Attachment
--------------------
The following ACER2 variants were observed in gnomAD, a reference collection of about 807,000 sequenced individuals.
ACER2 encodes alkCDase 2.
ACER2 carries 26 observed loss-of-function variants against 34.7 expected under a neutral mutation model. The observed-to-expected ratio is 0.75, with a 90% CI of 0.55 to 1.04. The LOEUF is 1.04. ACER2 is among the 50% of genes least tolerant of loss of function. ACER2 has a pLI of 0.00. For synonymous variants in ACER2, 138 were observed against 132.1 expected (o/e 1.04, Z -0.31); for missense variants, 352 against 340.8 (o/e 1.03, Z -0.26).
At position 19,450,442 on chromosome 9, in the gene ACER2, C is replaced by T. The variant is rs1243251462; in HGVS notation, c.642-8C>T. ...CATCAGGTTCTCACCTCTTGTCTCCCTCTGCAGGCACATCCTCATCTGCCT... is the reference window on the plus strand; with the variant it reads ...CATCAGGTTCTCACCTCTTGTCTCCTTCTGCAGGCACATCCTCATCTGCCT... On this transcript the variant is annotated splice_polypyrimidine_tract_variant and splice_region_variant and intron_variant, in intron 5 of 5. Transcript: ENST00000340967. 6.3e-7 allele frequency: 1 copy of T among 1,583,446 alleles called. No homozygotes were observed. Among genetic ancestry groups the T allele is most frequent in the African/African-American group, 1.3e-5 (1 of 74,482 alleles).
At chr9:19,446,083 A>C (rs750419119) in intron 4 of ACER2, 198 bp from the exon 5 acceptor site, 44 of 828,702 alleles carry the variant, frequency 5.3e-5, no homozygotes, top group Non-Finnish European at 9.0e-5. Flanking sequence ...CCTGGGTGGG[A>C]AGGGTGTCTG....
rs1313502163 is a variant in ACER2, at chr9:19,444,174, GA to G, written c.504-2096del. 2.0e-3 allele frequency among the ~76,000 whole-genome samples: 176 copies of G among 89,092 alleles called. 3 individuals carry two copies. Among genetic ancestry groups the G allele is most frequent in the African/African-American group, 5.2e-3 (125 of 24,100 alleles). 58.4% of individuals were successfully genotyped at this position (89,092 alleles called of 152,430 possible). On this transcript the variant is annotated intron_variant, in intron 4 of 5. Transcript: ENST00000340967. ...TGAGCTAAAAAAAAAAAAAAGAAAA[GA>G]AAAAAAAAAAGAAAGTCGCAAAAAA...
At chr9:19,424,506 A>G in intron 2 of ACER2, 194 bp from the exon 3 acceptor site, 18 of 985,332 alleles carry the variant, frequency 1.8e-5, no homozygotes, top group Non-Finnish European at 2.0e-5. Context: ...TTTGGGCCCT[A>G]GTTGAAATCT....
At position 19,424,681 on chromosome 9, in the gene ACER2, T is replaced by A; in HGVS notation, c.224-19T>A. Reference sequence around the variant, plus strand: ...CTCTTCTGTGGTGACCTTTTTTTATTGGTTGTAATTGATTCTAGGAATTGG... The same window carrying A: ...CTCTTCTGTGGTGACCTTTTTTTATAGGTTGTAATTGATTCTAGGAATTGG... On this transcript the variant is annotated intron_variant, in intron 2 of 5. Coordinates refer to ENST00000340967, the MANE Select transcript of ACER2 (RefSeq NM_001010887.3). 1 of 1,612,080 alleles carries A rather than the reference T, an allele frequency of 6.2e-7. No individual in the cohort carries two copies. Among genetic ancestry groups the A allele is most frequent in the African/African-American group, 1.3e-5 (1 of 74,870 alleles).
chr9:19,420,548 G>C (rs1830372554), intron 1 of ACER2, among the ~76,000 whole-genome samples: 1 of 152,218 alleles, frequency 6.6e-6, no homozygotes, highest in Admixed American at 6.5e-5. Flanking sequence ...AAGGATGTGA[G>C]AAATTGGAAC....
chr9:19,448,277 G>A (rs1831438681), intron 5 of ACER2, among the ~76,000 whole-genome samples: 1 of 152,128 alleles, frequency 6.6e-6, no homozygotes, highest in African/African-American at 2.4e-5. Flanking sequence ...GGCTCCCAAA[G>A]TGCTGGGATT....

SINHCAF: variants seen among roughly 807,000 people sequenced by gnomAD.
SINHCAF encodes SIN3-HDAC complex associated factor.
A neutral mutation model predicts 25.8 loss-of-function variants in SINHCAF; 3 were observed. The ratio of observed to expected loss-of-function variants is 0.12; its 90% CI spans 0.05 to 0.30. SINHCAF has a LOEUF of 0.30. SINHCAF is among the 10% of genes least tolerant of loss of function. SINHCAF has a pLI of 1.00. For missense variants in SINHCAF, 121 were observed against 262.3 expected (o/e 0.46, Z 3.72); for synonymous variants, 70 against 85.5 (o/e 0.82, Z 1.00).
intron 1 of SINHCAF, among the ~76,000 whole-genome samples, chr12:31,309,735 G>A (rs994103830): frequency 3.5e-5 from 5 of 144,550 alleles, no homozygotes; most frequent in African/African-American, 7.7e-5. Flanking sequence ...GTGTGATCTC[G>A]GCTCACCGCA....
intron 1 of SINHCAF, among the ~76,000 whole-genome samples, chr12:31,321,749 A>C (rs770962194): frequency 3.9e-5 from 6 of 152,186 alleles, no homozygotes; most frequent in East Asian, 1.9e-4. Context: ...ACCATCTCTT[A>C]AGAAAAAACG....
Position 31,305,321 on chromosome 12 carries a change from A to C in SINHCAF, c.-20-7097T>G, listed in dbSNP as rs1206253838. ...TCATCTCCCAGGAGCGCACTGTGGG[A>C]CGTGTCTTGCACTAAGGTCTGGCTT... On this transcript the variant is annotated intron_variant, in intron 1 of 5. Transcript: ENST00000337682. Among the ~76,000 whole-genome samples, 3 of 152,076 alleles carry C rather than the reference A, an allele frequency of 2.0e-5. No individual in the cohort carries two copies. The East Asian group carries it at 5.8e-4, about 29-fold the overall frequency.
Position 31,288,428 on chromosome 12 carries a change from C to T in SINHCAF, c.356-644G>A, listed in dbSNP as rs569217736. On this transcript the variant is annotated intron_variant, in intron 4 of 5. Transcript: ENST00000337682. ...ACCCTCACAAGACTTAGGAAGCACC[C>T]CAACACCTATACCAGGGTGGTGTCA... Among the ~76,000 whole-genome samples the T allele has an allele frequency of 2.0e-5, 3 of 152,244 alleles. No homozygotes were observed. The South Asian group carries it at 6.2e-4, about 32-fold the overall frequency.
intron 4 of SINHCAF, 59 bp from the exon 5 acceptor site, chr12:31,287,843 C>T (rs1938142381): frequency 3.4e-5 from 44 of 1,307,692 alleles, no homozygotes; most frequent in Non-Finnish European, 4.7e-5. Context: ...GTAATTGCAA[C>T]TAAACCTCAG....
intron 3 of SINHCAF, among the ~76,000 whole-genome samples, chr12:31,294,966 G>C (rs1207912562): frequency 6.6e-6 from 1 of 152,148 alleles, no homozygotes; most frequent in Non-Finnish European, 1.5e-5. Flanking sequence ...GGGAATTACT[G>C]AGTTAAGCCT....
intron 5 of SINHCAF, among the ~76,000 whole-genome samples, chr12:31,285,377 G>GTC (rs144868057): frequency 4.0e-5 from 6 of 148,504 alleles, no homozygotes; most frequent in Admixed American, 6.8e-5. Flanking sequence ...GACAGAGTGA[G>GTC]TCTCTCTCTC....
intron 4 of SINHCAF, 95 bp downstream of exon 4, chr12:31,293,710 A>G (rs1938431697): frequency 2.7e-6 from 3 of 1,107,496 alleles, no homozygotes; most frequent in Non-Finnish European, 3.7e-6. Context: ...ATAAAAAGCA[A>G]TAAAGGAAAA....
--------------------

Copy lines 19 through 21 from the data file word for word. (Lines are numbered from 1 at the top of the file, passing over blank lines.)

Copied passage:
intron 3 of SINHCAF, among the ~76,000 whole-genome samples, chr12:31,294,966 G>C (rs1207912562): frequency 6.6e-6 from 1 of 152,148 alleles, no homozygotes; most frequent in Non-Finnish European, 1.5e-5. Flanking sequence ...GGGAATTACT[G>C]AGTTAAGCCT....
intron 5 of SINHCAF, among the ~76,000 whole-genome samples, chr12:31,285,377 G>GTC (rs144868057): frequency 4.0e-5 from 6 of 148,504 alleles, no homozygotes; most frequent in Admixed American, 6.8e-5. Flanking sequence ...GACAGAGTGA[G>GTC]TCTCTCTCTC....
intron 4 of SINHCAF, 95 bp downstream of exon 4, chr12:31,293,710 A>G (rs1938431697): frequency 2.7e-6 from 3 of 1,107,496 alleles, no homozygotes; most frequent in Non-Finnish European, 3.7e-6. Context: ...ATAAAAAGCA[A>G]TAAAGGAAAA....